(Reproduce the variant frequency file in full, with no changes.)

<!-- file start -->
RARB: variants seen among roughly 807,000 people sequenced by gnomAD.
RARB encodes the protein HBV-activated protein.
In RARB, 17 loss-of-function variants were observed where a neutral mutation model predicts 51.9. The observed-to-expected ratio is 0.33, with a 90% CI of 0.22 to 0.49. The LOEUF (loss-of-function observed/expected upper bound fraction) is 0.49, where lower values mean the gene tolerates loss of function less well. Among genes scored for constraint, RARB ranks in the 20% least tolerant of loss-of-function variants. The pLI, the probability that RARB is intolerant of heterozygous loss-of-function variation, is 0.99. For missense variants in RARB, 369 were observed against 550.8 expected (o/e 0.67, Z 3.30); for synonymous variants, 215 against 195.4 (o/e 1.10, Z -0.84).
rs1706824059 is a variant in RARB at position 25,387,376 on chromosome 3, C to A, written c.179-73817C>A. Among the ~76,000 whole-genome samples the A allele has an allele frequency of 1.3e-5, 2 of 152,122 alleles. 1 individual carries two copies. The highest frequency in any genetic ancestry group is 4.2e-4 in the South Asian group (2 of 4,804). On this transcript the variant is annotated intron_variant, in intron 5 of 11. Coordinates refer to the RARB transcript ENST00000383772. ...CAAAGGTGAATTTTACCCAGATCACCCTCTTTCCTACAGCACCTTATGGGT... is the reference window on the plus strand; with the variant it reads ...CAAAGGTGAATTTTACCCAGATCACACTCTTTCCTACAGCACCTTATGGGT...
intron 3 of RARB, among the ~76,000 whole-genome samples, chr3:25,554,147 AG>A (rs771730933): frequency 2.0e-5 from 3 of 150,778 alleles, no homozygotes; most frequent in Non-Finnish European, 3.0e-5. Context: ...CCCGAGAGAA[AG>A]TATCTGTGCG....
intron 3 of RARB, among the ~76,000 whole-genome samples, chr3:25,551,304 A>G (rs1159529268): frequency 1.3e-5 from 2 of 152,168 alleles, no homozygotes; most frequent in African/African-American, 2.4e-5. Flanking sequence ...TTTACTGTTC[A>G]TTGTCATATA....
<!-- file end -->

RARB: variants seen among roughly 807,000 people sequenced by gnomAD.
RARB encodes the protein HBV-activated protein.
In RARB, 17 loss-of-function variants were observed where a neutral mutation model predicts 51.9. The observed-to-expected ratio is 0.33, with a 90% CI of 0.22 to 0.49. The LOEUF (loss-of-function observed/expected upper bound fraction) is 0.49, where lower values mean the gene tolerates loss of function less well. Among genes scored for constraint, RARB ranks in the 20% least tolerant of loss-of-function variants. The pLI, the probability that RARB is intolerant of heterozygous loss-of-function variation, is 0.99. For missense variants in RARB, 369 were observed against 550.8 expected (o/e 0.67, Z 3.30); for synonymous variants, 215 against 195.4 (o/e 1.10, Z -0.84).
rs1706824059 is a variant in RARB at position 25,387,376 on chromosome 3, C to A, written c.179-73817C>A. Among the ~76,000 whole-genome samples the A allele has an allele frequency of 1.3e-5, 2 of 152,122 alleles. 1 individual carries two copies. The highest frequency in any genetic ancestry group is 4.2e-4 in the South Asian group (2 of 4,804). On this transcript the variant is annotated intron_variant, in intron 5 of 11. Coordinates refer to the RARB transcript ENST00000383772. ...CAAAGGTGAATTTTACCCAGATCACCCTCTTTCCTACAGCACCTTATGGGT... is the reference window on the plus strand; with the variant it reads ...CAAAGGTGAATTTTACCCAGATCACACTCTTTCCTACAGCACCTTATGGGT...
intron 3 of RARB, among the ~76,000 whole-genome samples, chr3:25,554,147 AG>A (rs771730933): frequency 2.0e-5 from 3 of 150,778 alleles, no homozygotes; most frequent in Non-Finnish European, 3.0e-5. Context: ...CCCGAGAGAA[AG>A]TATCTGTGCG....
intron 3 of RARB, among the ~76,000 whole-genome samples, chr3:25,551,304 A>G (rs1159529268): frequency 1.3e-5 from 2 of 152,168 alleles, no homozygotes; most frequent in African/African-American, 2.4e-5. Flanking sequence ...TTTACTGTTC[A>G]TTGTCATATA....